Supporting networking and collaborative research among early career scientists and clinicians.

Identification of new genes for sleep

Tatiana Wilson, Oriel College



I am a PhD student studying the genetics of sleep and circadian rhythms. Analysis of sleep phenotypes using human genetics (GWAS) identifies a number of genetic loci with associations to specific sleep traits.  However, identifying which are the causal variants, and which are the effector genes remains a challenge.  There is some evidence that clock genes may affect sleep duration through glucocorticoid signalling.  Indeed, many of the genes regulated by sleep deprivation in the brain are also glucocorticoid target genes.  I now have the opportunity to link the molecular endocrinology, circadian, and sleep science expertise of my host lab in Oxford with the unrivalled expertise in the genomics of sleep and diabetes of Richa Saxena at the Broad Institute and Harvard University.  I will work with Richa and her team to prioritise genes and SNPs for further mechanistic characterisation. Over a fortnight visit, I aim to:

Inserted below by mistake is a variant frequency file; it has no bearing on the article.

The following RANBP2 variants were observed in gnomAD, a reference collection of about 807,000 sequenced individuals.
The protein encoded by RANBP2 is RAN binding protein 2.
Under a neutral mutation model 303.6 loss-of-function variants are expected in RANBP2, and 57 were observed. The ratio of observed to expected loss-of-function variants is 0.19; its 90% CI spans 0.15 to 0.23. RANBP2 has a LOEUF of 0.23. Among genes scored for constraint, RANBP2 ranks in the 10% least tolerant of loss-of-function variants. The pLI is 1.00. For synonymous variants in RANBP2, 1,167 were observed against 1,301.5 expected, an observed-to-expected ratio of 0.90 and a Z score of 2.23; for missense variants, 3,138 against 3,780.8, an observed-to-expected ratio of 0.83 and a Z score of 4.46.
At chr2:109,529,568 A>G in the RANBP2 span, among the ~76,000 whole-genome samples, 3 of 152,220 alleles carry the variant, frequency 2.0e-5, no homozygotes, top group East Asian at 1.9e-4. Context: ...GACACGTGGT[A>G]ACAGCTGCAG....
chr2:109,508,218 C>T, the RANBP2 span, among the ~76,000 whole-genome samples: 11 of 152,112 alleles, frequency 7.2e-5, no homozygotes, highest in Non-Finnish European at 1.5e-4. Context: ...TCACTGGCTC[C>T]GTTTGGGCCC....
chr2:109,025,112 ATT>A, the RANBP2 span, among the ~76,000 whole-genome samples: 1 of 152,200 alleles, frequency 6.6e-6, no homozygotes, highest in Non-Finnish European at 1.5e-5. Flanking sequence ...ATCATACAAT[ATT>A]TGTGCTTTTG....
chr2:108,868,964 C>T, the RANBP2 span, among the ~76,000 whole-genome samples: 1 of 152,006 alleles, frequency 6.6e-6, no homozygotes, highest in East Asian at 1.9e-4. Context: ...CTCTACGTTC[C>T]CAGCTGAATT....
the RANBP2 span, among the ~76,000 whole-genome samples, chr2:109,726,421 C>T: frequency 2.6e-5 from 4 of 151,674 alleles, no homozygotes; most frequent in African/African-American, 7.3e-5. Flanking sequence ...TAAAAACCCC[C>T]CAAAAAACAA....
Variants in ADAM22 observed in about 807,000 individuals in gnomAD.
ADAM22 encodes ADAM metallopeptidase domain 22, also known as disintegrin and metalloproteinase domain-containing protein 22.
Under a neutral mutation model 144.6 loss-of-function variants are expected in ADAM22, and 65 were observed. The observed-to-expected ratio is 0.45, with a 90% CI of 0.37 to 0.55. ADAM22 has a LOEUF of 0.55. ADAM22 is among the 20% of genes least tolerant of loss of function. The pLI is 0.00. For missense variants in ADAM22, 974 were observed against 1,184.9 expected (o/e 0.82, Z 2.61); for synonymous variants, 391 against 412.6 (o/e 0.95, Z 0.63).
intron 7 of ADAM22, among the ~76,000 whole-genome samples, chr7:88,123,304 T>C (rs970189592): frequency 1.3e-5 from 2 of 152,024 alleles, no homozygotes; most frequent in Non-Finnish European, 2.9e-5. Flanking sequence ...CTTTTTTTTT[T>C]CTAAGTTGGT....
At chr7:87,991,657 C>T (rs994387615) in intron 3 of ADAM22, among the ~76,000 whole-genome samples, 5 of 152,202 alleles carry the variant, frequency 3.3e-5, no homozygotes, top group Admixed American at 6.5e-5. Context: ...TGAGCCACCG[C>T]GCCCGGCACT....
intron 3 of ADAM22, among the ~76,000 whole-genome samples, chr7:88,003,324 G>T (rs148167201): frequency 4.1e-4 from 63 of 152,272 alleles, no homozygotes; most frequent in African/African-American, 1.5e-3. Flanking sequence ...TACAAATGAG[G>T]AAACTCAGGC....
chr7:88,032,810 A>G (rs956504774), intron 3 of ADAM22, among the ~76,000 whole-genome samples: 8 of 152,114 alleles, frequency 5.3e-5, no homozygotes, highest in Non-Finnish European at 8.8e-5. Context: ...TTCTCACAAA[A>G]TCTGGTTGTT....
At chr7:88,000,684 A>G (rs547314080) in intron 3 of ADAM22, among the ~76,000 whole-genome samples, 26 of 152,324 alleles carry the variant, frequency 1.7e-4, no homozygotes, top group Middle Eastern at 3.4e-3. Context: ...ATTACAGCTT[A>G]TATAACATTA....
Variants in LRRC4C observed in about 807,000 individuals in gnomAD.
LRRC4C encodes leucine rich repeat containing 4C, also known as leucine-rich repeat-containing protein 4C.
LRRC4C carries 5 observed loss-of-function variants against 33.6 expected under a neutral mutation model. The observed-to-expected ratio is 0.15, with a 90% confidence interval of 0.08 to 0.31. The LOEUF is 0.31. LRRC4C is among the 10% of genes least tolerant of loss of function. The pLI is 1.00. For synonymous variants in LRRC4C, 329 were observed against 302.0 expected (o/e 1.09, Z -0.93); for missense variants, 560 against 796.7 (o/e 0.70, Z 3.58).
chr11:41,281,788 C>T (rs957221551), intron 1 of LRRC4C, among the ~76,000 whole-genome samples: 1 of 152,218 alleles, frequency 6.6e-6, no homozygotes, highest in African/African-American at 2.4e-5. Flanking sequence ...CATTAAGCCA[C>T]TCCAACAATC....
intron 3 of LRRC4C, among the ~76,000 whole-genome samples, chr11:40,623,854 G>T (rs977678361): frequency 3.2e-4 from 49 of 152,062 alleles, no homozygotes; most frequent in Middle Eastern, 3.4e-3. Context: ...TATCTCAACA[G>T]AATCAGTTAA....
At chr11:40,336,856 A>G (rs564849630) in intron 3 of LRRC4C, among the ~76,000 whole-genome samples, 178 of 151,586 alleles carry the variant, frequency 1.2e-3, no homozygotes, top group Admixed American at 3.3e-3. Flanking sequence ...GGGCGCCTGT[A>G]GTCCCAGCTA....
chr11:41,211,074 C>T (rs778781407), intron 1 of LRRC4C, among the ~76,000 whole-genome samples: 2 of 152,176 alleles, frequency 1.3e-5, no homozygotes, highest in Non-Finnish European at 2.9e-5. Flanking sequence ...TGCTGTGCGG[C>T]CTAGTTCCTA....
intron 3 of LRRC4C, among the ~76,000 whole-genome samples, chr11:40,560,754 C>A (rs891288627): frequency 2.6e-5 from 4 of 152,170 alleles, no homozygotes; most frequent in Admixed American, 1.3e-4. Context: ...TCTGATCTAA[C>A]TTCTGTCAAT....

• Establish a collaboration with the Saxena lab and other labs carrying out relevant work in the Broad Institute.
  • Learn new bioinformatic methods to investigate GWAS data.
  • Learn how existing models of SNP/ gene prioritisation work.
  • Develop a new pipeline for the prioritization of SNPs/ regions/ genes using GWAS data.
  • Use this pipeline to prioritise ~40 SNPs/ regions/ genes for future investigation by Capture-C to see how these regions affect chromatin looping.


Grant awarded: £2,400.00

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